The Trojans are under way with summer throwing sessions, and here are some thoughts based on what we’ve seen so far:
1. Organization: One of the first things to stand out when watching the workouts is noting how organized they are. In past years, a voluntary throwing session would usually be the players coming onto the field, throwing a few warmup routes and then getting right into 7-on-7 or full-team throwing. This year there is a walk-through, a stretching and agility warmup, rotating drill sessions that include medicine balls and tall bags, the actual throwing session, and then a series of post-workout sprints. This new structure is no accident, as USC coach Steve Sarkisian spent an entire spring ball practice going over the routine with the players.
2. Standouts: It’s hard to read too much into these sessions since they are in shorts and T-shirts, but there are still players who can shine for various reasons. Buck Allen looks as good as anyone -- there is kind of an aura around him these days after the way he exploded over the second half of last season. Leon McQuay III appears ready to step in as a starter; he seems in control on the field and his frame is growing well. The duo of McQuay and Su'a Cravens could be special, and Cravens already has multiple interceptions this summer. Darreus Rogers looks more and more like the starter opposite Nelson Agholor, as he offers a physical presence that the Trojans haven’t had in recent years. And Leonard Williams deserves mention. It’s no surprise that he looks great, but you also don’t want to take him for granted.
3. Bulking up: One of the rites of the offseason is to judge which players have bulked up in the weight room. Allen’s upper body is noticeably bigger this year, and receivers such as Rogers and George Farmer stand out, as does walk-on tight end Chris Willson. On defense, Quinton Powell has filled out and cornerback Chris Hawkins is now thicker in the upper body to go along with his long arms. The Trojans have a new strength and conditioning coach in Ivan Lewis, and it will be interesting to watch how he balances building the strength of the players while also getting them ready for the conditioning demands of the up-tempo style of play.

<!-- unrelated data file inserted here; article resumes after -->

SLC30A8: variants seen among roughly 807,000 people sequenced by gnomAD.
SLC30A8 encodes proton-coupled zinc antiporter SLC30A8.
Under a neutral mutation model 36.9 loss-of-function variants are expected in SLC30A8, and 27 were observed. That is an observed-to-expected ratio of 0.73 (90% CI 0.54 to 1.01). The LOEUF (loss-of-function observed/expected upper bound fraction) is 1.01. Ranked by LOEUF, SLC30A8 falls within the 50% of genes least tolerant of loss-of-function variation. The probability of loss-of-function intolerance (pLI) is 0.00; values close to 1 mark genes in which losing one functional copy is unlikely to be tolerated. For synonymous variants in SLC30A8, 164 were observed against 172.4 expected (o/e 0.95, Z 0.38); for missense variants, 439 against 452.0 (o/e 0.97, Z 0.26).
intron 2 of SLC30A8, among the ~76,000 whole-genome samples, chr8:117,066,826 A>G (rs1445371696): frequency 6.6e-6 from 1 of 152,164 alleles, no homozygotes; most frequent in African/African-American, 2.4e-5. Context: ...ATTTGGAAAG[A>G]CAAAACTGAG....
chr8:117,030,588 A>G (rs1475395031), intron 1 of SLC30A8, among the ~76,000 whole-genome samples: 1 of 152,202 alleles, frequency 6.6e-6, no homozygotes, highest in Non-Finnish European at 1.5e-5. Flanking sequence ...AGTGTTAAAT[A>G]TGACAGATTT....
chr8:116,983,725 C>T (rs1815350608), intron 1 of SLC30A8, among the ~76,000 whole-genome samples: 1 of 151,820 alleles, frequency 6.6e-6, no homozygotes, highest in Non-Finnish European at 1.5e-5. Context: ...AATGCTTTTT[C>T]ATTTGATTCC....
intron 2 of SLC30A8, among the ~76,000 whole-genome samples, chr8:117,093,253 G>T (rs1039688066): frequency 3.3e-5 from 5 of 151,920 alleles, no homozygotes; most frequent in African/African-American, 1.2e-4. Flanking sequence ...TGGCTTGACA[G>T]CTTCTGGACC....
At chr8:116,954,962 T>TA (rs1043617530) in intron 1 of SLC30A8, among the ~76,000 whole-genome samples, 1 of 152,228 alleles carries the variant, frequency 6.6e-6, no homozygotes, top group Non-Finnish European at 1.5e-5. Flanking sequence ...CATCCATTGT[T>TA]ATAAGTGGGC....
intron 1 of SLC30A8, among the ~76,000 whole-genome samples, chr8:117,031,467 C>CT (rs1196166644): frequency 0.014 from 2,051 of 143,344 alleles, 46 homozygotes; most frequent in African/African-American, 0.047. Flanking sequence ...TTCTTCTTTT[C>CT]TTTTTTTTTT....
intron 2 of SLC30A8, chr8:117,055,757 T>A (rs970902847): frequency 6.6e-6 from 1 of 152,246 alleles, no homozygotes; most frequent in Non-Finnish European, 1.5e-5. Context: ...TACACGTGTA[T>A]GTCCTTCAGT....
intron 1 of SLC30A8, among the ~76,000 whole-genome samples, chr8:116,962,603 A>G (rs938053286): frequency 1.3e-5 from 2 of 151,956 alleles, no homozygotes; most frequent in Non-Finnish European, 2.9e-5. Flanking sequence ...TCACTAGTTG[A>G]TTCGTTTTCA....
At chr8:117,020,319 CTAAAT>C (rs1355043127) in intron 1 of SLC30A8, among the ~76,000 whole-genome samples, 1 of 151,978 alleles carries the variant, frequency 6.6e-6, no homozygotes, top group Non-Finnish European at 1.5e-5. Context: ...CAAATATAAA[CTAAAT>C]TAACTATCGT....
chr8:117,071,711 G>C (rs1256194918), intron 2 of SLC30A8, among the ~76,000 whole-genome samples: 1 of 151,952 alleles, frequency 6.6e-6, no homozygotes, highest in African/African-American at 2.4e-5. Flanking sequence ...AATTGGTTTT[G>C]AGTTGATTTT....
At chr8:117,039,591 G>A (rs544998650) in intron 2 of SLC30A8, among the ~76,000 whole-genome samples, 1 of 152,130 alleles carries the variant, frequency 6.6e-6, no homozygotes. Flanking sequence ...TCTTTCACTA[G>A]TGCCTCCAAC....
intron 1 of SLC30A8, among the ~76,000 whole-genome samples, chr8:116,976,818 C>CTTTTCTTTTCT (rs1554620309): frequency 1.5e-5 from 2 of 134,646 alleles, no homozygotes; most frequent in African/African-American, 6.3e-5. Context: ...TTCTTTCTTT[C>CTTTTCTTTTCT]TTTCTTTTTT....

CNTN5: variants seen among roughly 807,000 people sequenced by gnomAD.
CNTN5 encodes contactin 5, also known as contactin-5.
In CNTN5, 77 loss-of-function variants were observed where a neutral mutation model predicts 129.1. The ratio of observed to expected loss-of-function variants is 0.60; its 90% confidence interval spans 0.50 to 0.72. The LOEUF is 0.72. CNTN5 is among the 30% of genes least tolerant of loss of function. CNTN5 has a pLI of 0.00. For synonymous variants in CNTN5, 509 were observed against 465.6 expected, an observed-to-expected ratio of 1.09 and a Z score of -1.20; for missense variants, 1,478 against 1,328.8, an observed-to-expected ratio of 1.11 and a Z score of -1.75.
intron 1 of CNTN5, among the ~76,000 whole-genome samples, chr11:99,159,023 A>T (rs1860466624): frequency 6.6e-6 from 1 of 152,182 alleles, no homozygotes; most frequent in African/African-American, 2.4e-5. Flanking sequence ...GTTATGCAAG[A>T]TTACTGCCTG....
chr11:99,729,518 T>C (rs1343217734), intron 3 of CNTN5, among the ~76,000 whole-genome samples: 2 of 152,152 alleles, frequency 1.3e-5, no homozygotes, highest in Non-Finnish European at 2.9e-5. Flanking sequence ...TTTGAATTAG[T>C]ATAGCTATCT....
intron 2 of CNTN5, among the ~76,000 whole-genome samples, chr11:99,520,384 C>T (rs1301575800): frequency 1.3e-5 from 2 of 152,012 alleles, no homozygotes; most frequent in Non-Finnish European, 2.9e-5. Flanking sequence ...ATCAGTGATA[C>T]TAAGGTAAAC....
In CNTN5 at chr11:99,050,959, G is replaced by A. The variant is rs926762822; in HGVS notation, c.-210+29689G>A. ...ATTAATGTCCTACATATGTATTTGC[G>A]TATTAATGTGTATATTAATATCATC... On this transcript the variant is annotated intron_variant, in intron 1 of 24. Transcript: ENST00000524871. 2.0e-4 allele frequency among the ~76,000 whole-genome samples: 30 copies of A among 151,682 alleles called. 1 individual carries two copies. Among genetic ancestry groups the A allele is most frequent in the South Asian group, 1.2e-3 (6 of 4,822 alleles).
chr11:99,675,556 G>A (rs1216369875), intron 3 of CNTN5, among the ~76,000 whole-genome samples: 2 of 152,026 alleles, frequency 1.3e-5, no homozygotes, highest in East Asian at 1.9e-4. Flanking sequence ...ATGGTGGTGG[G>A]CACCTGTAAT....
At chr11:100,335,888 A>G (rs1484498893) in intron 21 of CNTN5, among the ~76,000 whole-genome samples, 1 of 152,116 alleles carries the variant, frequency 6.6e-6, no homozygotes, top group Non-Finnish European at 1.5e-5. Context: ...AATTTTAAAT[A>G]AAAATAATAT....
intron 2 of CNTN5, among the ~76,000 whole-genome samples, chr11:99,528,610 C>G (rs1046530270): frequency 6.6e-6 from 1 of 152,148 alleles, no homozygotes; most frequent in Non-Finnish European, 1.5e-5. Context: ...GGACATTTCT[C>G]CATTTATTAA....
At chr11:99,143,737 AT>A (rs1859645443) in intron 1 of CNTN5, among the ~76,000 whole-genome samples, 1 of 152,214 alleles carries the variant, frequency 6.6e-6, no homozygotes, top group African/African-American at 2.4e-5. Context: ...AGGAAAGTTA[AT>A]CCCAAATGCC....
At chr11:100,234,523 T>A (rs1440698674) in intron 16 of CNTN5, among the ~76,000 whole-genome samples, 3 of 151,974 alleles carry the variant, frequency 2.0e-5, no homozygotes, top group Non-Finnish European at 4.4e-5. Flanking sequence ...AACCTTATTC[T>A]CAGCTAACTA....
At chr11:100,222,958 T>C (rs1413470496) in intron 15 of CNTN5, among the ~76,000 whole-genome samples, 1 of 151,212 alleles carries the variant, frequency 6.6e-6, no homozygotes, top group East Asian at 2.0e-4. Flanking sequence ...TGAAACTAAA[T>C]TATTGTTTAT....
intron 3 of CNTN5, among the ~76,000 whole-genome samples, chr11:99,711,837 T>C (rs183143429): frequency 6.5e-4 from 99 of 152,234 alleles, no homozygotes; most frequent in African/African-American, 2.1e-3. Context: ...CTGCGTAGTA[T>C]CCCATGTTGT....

4. Early impact: Several of the incoming freshmen have arrived to take part in these sessions. The biggest performance came in Adoree' Jackson’s initial appearance, as he wasted no time in making a highlight play with a break on the ball to tip a pass that was eventually intercepted by Cravens. It was the kind of instinctive and athletic play that not too many corners can make, and Jackson made it within 20 minutes of stepping on the USC practice field for the first time. This kid is going to be good. Offensive lineman Viane Talamaivao has also been impressive. Talamaivao has seen work at center and both guard spots, and he has shown versatility at all three spots. The thing that stands out about Talamaivao is his athleticism for his size. I’ve long thought he could make a good center, and nothing I’ve seen so far has changed that thinking. Ajene Harris deserves a mention here as well. He has been playing slot receiver and has consistently made plays when given a chance.
5. Injury updates: There was a lot of anticipation about Steven Mitchell, who is returning from a knee injury suffered last summer, and so far the results have been positive. Mitchell looks smooth and fluid while providing multiple long pass receptions. There was also an appearance last week from D.J. Morgan, another player who sat out last season with a knee injury. It’s too early to know if Morgan can make a dent in a crowded backfield, but it’s was a positive step to see him on the field again. Guards Aundrey Walker (ankle) and Jordan Simmons (knee) have not taken part in full drills yet, but Simmons has been able to do limited work.